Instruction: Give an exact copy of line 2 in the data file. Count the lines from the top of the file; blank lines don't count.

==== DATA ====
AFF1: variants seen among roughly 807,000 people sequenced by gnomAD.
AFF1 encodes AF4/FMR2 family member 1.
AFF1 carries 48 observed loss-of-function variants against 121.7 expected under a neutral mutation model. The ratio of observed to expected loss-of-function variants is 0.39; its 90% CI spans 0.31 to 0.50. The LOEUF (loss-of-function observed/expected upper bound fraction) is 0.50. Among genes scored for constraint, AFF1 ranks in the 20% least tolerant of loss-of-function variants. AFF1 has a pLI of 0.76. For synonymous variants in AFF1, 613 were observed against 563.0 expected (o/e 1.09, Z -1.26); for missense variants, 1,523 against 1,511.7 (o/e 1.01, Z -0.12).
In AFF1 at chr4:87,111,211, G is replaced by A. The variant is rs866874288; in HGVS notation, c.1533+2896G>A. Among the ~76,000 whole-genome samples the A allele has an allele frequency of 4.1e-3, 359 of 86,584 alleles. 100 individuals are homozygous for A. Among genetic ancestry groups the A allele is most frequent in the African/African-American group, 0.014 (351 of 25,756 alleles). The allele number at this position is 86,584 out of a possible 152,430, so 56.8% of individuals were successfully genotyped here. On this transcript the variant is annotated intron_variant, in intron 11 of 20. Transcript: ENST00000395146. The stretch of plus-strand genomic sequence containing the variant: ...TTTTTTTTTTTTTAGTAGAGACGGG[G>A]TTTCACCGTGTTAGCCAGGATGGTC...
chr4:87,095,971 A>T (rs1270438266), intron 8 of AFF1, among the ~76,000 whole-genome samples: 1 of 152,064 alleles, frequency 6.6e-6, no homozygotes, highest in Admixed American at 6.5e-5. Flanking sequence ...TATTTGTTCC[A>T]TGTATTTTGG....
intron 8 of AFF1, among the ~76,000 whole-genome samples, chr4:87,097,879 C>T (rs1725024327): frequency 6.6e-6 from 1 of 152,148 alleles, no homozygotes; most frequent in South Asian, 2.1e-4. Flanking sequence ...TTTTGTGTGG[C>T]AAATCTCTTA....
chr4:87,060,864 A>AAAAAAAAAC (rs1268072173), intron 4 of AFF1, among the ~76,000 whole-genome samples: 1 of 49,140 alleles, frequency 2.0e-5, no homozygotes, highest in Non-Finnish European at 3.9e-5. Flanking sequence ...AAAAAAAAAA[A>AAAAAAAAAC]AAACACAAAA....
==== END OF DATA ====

AFF1 encodes AF4/FMR2 family member 1.